My gripe is… interest rates charged on loans are supposed to reflect risk… the higher the risk, the higher the rate… so let the rate take more of the strain… and drop the obsession with security

…or let’s be really radical and offer a company 2 rates… a lower one with Personal Guarantees… a higher one without any…

Security : how it works
This obsession with security & personalising a business’ risk is a real problem for the economy as whole (and for a Government that wants you to borrow)

It means banks effectively ignore any drivers of growth within the business (customer base, order book, employee skills, market position), and concentrate far too much on tangible assets to support any lending.

They make that even worse by applying ‘risk weighted asset’ models … which normally means ignoring most of your assets, like Stock or W-i-P.

It also means ignoring Debtors (which is why they try to push you to invoice discounting or factoring… they can’t lend against your Debtors… but they ‘know-a-man-who-can’)

So you’re typically left with tangible Fixed assets… which usually means Property.

For most Owner Managed Businesses this all means they haven’t got enough assets in the business to support the bankers’ obsession for security… so it gets Personal with Guarantees required.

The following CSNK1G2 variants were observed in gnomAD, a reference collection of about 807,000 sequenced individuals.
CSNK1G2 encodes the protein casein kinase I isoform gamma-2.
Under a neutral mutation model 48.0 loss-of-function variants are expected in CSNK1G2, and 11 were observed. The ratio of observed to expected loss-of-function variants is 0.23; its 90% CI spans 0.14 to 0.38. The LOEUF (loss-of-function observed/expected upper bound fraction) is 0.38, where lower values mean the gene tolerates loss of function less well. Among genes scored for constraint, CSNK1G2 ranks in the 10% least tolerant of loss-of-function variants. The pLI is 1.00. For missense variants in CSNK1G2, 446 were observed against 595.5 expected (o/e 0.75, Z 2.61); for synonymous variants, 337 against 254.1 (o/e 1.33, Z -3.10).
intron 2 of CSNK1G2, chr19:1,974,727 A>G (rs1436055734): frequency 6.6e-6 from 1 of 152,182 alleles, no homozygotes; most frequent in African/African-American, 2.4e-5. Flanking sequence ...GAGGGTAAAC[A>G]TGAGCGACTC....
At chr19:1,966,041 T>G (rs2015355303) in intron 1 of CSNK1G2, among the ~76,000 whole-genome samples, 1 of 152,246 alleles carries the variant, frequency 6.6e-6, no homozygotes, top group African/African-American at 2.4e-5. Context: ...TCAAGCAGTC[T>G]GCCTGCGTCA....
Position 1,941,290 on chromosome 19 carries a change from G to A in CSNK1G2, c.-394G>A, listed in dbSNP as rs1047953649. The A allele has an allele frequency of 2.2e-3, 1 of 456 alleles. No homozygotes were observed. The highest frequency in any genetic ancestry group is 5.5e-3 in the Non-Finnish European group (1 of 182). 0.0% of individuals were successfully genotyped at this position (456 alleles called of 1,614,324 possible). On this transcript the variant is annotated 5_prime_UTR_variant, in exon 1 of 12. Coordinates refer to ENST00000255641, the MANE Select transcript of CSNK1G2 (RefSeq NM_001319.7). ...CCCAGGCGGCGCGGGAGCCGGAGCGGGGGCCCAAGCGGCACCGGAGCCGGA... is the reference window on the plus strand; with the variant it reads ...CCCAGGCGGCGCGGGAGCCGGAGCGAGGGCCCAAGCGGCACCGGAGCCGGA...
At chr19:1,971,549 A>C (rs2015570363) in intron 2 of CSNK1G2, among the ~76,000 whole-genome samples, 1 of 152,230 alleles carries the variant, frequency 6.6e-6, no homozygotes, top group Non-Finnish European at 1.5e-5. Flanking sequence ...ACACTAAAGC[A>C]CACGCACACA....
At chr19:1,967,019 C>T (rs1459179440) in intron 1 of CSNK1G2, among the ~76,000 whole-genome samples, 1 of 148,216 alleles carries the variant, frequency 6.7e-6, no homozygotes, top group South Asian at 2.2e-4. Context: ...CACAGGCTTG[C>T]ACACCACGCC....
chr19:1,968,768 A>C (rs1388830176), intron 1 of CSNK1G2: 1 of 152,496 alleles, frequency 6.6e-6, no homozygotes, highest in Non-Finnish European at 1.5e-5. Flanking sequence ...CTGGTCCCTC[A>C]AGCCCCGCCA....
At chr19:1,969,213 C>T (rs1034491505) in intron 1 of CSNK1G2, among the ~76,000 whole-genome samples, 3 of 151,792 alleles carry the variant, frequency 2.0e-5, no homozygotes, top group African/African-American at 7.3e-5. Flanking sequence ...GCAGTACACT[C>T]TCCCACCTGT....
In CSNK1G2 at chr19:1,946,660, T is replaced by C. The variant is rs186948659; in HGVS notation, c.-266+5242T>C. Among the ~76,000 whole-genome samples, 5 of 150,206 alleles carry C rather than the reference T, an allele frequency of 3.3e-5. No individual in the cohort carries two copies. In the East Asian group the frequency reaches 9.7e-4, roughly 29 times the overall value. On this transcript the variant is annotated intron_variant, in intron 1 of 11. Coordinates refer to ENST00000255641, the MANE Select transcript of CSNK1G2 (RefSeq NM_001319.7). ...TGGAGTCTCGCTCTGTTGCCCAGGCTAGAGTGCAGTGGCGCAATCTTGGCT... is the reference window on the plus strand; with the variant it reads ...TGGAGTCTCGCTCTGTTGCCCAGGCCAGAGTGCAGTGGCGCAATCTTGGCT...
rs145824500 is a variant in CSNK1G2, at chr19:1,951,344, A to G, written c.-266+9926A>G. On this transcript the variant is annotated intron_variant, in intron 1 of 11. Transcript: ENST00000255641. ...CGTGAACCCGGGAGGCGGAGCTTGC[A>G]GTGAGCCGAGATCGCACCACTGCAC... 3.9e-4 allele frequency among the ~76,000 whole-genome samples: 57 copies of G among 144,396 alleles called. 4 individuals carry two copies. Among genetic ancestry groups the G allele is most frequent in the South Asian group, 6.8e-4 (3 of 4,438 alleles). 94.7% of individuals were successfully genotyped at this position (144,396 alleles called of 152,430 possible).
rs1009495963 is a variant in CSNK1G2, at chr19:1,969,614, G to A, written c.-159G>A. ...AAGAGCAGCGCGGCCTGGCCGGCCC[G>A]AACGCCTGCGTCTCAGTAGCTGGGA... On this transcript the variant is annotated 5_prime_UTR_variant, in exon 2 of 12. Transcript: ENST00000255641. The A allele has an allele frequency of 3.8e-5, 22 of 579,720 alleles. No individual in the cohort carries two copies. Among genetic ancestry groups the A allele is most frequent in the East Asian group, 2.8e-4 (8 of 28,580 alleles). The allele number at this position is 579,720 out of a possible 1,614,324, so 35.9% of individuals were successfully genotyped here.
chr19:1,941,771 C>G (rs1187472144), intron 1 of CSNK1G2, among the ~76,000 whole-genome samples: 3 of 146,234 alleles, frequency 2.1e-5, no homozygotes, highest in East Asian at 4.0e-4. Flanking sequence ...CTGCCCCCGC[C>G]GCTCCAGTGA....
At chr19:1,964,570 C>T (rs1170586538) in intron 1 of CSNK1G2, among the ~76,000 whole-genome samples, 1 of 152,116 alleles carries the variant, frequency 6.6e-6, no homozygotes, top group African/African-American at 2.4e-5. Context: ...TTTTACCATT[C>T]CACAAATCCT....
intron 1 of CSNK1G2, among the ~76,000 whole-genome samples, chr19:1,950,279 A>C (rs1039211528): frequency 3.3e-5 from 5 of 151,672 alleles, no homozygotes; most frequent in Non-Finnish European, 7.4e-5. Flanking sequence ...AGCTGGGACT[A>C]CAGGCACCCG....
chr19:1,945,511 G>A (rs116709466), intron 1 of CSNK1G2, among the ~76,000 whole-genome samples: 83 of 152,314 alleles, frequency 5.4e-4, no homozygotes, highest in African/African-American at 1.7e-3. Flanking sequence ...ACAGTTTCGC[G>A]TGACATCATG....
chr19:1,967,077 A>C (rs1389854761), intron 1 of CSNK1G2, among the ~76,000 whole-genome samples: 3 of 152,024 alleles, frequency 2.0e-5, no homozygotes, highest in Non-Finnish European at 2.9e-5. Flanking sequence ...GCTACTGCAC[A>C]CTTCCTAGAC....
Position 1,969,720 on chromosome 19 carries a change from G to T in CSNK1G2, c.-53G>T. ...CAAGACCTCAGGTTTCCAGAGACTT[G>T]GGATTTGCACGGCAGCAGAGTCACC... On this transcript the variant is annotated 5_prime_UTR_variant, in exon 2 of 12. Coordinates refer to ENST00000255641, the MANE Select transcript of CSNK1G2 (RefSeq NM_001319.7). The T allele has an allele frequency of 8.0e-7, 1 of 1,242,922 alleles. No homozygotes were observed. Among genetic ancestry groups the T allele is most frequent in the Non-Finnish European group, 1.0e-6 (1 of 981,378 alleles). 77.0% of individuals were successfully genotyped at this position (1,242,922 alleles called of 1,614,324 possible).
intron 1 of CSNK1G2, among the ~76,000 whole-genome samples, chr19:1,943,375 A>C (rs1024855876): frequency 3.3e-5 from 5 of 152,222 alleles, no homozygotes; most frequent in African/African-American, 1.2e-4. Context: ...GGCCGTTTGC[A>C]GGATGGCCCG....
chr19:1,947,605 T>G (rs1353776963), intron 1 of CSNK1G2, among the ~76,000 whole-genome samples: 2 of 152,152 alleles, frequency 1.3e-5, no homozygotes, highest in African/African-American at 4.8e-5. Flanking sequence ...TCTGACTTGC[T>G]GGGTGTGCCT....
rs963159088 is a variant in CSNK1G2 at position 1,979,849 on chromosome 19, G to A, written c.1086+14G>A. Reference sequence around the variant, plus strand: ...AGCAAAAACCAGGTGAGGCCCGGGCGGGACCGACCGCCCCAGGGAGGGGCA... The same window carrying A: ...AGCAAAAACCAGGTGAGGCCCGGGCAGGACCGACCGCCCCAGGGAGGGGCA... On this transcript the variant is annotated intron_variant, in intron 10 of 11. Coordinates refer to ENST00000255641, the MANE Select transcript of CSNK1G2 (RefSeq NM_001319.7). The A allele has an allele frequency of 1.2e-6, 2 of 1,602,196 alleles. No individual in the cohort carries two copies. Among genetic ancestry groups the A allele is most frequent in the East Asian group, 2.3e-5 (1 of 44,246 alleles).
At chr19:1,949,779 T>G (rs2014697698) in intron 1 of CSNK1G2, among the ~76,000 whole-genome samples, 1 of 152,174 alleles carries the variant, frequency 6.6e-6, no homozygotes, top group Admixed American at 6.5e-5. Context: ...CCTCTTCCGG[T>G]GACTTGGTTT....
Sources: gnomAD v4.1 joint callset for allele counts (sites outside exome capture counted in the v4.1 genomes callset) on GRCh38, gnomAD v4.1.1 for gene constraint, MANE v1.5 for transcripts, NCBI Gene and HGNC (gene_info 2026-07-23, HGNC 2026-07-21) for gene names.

Your manager : how he works
Your bank manager has almost no impact on the situation… they just package up the deal proposal to pass on to a remote credit committee…

That ‘committee’ makes a decision & sets terms based on a few of things, but they will :

1.check your company credit ratings : if you’ve met me you’ll know how important I think ratings are nowadays… banks take these ratings and employ a few twists of their own…

eg typically ‘Head Office’ will rank your sector (often in a traffic light scheme)… and the rankings are always changing…

… so a builder might find it easy to borrow today because construction is ‘green’, but next month it might be ‘red’ as the bank tries to reduce exposure to the sector or have a more balanced loan book… and now the builder won’t get the loan

2.check your bank manager’s record : after years of successfully not losing the bank’s money and only putting to the credit committee deals that they’ll accept, a manager will be given an internal score or % that improves as time passes…

I know an 80%er… and a 95%er…  the 95% banker is as close to ‘can-do-the-deal-guaranteed’  as you’ll get… but just you try getting him to take on a deal that he’s happy to put his name & score to and that he’ll push up to the Credit Committee…